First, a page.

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Calvo and Murillo: Who delivers

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Calvo and Murillo. 2004. Who delivers? Partisan clients in the Argentine electoral market. AJPS 48: 742-57.


"Why do some parties fail to benefit from patronage in pork-ridden political systems? This article analyzes the interaction between patronage and partisanship to explain why some incumbents are more likely to benefit from pork politics than others.We explain such differences by focusing on political parties' access to resources (supply side) and voters' dependence on fiscal largesse (demand side).We show how these differences affect the patron's choice of public sector wages and employment. We use subnational level data to show different electoral returns from patronage for the two major political coalitions in Argentina--Peronism and the UCR-Alianza--and their effect on preferences over public sector wages and employment."


Parties benefit more from clientelism depending on supply and demand. For this article, "patronage" refers to giving public sector jobs to supporters. Note that this implies a lack of civil service reforms. In brief:

  • Supply side: Electoral and fiscal institutions (varying across Argentina's regions) determine how much pork a region's winning party can provide.
  • Demand side: Different parties have different constituencies (i.e. they serve different types of workers and different income groups--and low-income groups are most responsive to small amounts of pork), which affects how much and what kind of pork is demanded.
  • Supply and demand interact so that different parties have different opportunities to benefit from patronage and pork.

Supply Side

Some parties have an advantage in supplying patronage. In Argentina, electoral rules overrepresent rural areas (much like the Senate in the US overrepresents unpopulous states). Thus, although the Peronists and their main rivals (the Radicals) are competitive in presidential elections, the Peronists actually control a disproportionate number of local governments (because the Peronists have their support in the more numerous rural provinces). As such, the Peronists have more access to patronage.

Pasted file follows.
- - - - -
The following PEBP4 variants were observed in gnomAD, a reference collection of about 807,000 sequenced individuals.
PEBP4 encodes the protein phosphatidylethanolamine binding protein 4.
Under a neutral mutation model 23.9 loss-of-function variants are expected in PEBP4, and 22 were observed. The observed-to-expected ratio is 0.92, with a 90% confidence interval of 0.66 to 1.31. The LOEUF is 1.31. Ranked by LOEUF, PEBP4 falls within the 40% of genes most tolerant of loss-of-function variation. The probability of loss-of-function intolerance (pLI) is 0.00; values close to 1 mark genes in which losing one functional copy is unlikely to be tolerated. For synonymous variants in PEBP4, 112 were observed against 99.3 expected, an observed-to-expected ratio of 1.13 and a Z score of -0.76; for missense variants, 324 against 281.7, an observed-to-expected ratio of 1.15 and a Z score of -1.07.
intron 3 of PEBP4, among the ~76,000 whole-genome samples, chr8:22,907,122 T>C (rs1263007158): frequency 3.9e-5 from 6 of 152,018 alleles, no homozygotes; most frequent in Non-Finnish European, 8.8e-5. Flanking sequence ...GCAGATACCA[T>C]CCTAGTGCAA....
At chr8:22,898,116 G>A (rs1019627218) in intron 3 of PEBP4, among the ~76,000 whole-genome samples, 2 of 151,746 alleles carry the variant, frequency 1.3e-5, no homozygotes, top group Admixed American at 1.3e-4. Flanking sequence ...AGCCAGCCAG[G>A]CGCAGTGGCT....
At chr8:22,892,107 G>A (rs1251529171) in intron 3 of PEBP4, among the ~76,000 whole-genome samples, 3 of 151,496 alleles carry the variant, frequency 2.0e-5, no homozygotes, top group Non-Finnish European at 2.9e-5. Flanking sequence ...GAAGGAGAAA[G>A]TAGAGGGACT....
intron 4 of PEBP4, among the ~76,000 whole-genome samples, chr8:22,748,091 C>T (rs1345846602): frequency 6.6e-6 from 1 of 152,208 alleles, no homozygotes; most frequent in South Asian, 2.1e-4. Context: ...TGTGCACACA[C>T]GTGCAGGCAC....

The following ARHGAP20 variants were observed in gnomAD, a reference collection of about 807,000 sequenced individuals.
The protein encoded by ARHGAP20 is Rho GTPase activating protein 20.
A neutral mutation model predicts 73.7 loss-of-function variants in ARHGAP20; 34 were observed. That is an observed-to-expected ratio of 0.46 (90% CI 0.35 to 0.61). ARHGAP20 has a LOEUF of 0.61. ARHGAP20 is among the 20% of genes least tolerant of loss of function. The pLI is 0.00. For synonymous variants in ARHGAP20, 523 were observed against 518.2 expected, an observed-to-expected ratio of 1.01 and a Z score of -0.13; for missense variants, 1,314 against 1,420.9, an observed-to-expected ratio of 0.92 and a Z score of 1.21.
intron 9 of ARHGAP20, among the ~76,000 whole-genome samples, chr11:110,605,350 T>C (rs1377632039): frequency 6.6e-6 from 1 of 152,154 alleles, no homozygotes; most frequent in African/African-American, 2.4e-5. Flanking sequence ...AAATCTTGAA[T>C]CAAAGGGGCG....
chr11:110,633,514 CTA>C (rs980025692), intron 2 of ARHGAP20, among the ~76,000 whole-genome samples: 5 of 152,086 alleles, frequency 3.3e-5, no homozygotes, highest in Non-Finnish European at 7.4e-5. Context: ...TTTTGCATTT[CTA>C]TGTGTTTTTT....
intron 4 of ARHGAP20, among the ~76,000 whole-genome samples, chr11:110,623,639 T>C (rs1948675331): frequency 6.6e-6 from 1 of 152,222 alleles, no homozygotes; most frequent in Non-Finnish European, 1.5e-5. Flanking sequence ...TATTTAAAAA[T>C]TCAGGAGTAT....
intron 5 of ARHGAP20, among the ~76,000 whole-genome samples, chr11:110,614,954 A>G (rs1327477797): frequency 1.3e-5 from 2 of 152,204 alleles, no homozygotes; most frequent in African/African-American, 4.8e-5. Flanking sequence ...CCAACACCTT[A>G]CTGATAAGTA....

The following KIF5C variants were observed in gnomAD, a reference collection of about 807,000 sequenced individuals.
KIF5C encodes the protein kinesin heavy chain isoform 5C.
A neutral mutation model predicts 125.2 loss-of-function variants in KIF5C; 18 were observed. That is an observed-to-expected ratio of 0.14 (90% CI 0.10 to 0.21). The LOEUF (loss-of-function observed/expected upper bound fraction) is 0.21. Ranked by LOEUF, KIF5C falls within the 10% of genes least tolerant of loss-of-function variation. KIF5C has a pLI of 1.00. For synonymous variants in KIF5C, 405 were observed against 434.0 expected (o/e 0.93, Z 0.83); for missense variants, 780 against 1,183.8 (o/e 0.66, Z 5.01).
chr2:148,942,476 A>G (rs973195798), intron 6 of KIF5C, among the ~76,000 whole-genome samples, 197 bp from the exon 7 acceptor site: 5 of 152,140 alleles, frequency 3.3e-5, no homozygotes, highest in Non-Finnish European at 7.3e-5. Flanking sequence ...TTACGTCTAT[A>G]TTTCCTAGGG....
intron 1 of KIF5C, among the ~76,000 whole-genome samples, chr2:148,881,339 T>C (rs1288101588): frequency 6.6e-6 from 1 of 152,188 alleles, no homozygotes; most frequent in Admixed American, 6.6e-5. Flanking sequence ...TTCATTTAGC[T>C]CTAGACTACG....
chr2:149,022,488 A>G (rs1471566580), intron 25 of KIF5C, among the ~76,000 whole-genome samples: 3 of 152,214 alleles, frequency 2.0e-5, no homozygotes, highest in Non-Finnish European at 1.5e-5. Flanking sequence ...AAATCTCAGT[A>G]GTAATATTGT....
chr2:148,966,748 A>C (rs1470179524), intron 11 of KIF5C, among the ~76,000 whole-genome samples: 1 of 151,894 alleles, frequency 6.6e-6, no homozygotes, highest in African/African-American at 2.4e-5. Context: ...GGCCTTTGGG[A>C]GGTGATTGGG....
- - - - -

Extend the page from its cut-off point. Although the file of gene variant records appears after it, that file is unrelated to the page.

In Argentina, the central government raises all taxes, then shares the revenues with the provinces according to a standard formula. The rural provinces get more than their share--again, this gives the Peronists greater access to patronage.

Demand Side

When giving out government jobs, parties face a trade-off: They can give a few high-paid jobs to high-skilled workers, or they can give lots of less-paid jobs to less-skilled workers (note that workers don't value public jobs unless there is a wage premium). The Radicals have lots of middle-class and upper-class supporters; they're not going to be very attracted to a public sector job unless it pays well. But the Peronists have lots of poor supporters. As a result of this difference in demand, the Peronists can use patronage to buy off lots more supporters than the Radicals can.

And as Figure 1 (p 744) shows, the biggest public-sector wage premiums go to people with 5-10 years of education--the less-skilled people who tend to be Peronists.